An older person's own sense of mental decline may be the first sign that they will eventually slip into dementia, according to a panel of experts at the Alzheimer's Association International Conference, concluding here Thursday.
That's not to say that every time someone forgets his car keys, he should worry he's headed for Alzheimer's. All people forget more often as they age, the researchers said, admitting to their own memory lapses.
More serious, and possibly predictive of eventual Alzheimer's in those over 60: getting lost in familiar surroundings, having trouble following the plot of a TV program or book, or a sense that your memory is worse than friends the same age, said Rebecca Amariglio, a clinical neuropsychologist at Harvard Medical School and Brigham and Women's Hospital. (The Alzheimer's Association has a list of 10 such early warning signs, below.)
"People should trust what they observe about themselves," she said.
Doctors should also take seriously anyone who comes complaining of memory loss, said another panel member, Frank Jessen, a professor of clinical dementia research at the University of Bonn and the German Center for Neurodegenerative Disease. "We should listen to what the patient says first."
Unfortunately, right now, there isn't much medicine can do to reduce the chances that a patient's early warning signs will turn into full-blown disease some years later. But this knowledge is extremely useful for researchers looking to identify people at high risk for developing Alzheimer's.
Drug trials of patients with Alzheimer's have consistently failed, suggesting, researchers say, that medication will work only if given early in the disease — years or decades before someone scores poorly on a cognitive test. But it's been impossible to identify those people, apart from a small group with a known genetic mutation, who are being actively studied.
If vulnerable people can identify themselves, researchers will have an easier time finding subjects to study and will come up with effective medications sooner, Amariglio said. Once there is a drug, self-reported memory concerns might also be used to identify people who should take it, she said.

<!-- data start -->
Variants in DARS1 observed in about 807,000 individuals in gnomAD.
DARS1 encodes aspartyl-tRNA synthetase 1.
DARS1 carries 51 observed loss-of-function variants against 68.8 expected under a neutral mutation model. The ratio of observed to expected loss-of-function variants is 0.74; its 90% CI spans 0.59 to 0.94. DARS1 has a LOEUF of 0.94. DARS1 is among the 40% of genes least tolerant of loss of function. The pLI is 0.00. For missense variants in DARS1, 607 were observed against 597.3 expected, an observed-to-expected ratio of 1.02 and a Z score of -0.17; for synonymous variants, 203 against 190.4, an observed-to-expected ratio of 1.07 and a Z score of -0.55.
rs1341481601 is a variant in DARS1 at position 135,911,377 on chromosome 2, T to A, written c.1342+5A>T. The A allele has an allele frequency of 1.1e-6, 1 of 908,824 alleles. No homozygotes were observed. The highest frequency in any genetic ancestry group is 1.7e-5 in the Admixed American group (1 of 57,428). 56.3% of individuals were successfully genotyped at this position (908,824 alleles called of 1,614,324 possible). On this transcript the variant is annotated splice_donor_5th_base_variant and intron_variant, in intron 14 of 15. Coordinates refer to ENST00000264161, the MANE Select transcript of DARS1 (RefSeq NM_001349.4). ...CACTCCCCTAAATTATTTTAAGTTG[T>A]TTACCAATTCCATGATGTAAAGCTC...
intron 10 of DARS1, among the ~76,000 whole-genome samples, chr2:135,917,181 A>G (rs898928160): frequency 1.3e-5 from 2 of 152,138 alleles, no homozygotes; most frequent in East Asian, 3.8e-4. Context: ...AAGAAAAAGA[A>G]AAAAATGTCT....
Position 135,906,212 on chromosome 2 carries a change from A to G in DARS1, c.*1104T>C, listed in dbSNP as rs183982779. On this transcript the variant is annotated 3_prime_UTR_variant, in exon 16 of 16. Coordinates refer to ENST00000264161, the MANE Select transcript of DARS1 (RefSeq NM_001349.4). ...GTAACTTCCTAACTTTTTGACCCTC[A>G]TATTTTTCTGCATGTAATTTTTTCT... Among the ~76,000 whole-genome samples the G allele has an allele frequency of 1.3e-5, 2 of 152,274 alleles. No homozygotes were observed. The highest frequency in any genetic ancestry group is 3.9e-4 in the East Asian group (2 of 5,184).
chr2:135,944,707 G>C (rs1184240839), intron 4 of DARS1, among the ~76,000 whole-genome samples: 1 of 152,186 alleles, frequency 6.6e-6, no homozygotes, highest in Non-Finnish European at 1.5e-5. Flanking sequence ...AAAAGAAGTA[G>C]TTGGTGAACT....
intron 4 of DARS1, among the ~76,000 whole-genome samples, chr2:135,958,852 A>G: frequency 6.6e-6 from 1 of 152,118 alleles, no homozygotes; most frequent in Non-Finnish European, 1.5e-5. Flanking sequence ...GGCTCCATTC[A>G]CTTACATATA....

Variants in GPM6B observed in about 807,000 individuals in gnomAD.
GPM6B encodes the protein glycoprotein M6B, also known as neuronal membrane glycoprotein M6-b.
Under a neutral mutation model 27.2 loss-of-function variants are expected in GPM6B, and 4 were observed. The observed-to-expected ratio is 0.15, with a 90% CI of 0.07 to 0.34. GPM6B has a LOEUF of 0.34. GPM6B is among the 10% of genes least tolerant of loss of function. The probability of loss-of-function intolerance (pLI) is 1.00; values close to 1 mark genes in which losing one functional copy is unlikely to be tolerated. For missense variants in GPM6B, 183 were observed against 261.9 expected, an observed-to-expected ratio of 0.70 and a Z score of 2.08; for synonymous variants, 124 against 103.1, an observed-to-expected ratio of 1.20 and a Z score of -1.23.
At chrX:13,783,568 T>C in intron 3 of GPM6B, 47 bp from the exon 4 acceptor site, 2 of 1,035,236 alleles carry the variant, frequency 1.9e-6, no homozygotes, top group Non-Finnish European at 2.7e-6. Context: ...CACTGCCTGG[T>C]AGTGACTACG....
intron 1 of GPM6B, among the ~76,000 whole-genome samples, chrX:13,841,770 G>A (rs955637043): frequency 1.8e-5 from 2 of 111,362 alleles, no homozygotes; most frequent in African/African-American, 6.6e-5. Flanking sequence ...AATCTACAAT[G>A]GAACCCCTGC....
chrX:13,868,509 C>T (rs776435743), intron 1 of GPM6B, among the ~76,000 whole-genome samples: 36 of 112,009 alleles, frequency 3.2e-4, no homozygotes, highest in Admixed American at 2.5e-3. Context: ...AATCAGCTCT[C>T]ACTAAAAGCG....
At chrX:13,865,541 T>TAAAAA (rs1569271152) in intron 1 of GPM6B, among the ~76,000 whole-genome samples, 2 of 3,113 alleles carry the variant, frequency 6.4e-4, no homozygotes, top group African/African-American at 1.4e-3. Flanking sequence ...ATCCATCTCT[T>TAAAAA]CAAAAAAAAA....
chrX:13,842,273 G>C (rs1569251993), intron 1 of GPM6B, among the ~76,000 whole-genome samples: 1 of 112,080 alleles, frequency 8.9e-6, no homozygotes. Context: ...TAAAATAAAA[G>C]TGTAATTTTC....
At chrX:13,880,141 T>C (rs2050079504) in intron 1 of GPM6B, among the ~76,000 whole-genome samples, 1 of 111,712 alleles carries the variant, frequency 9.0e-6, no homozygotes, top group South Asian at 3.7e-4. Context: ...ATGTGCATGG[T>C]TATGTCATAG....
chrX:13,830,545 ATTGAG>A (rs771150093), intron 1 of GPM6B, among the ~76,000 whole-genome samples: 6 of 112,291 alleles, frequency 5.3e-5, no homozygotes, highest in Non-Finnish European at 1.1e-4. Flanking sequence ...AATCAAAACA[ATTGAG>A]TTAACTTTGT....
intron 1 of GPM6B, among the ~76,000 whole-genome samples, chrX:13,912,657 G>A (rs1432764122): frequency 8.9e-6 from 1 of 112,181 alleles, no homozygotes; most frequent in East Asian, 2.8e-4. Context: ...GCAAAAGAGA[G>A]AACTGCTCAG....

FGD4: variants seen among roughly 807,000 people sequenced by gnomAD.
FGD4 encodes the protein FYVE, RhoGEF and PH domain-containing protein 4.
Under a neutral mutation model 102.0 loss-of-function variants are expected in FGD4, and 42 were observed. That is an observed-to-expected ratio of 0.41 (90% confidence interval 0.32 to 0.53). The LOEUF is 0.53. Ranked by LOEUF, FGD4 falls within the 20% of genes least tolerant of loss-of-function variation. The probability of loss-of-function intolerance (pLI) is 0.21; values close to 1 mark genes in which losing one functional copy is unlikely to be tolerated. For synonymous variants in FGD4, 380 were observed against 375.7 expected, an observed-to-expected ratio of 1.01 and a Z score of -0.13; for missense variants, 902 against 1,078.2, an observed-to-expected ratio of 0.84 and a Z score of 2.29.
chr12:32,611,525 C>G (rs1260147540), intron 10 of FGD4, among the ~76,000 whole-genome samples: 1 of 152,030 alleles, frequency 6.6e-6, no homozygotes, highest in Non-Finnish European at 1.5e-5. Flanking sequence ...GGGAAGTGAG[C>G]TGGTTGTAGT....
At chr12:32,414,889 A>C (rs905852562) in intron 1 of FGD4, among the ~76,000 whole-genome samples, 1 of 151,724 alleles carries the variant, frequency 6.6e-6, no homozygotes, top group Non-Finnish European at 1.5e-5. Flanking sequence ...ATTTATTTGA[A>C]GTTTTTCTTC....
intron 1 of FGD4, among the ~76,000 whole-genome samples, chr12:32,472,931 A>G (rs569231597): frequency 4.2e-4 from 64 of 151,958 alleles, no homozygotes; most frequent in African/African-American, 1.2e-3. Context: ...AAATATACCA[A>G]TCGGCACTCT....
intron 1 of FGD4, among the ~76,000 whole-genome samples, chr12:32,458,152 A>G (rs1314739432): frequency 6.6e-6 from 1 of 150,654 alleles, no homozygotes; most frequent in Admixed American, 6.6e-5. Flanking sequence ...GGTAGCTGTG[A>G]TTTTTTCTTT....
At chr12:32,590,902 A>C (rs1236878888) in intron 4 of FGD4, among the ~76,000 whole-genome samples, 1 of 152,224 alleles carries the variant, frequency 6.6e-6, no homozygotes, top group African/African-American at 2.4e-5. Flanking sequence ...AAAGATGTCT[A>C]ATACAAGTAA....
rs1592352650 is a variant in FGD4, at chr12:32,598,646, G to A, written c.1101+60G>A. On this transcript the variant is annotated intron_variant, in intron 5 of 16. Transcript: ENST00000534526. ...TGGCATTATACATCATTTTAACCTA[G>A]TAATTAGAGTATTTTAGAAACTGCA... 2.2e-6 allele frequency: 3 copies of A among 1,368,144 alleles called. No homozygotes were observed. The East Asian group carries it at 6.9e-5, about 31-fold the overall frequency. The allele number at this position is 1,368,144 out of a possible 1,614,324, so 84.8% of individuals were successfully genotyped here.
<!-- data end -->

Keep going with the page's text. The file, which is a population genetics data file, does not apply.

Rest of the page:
Amariglio and three other panel members each presented results of new studies that found a connection between self-reported memory decline and eventual brain disease.
Amariglio found brain changes associated with Alzheimer's in patients who were otherwise normal but were concerned about their memory or higher-level thinking. In PET scans of 131 people, most around 73-74 years old, those who reported worse memory than their peers had more beta-amyloid, a protein associated with Alzheimer's, in their brains than a comparison group, as did people who said they were slipping in so-called "executive function" — skills such as prioritizing and organizing.
In another study of American nurses, subjective memory concerns were found more often in those who had a genetic risk factor for Alzheimer's than in those who lacked the ApoE4 gene, said Cecilia Samieri, an epidemiologist at the Research Center Inserm U897 in Bordeaux, France. And those with the gene who complained about their memory were more likely to develop Alzheimer's than those with complaints but not the gene, she said.
The worry-free aren't guaranteed not to get Alzheimer's, the researchers said, but their risks are substantially reduced.
A study of 2,230 mentally healthy Germans found that those who complained of memory problems at 80 were more likely to have those problems at 88 than those without the complaints. But still, half the group neared 90 without memory concerns, said Alexander Koppara, a psychologist in Bonn, Germany.
"There is good news for some elderly people," he said.
10 warning signs of Alzheimer's disease:
• Memory changes that disrupt daily life
• Challenges in planning or solving problems
• Difficulty completing familiar tasks at home, at work or at leisure
• Confusion with time or place
• Trouble understanding visual images and spatial relationships
• New problems with words in speaking or writing
• Misplacing things and losing the ability to retrace steps
• Decreased or poor judgment
• Withdrawal from work or social activities
• Changes in mood and personality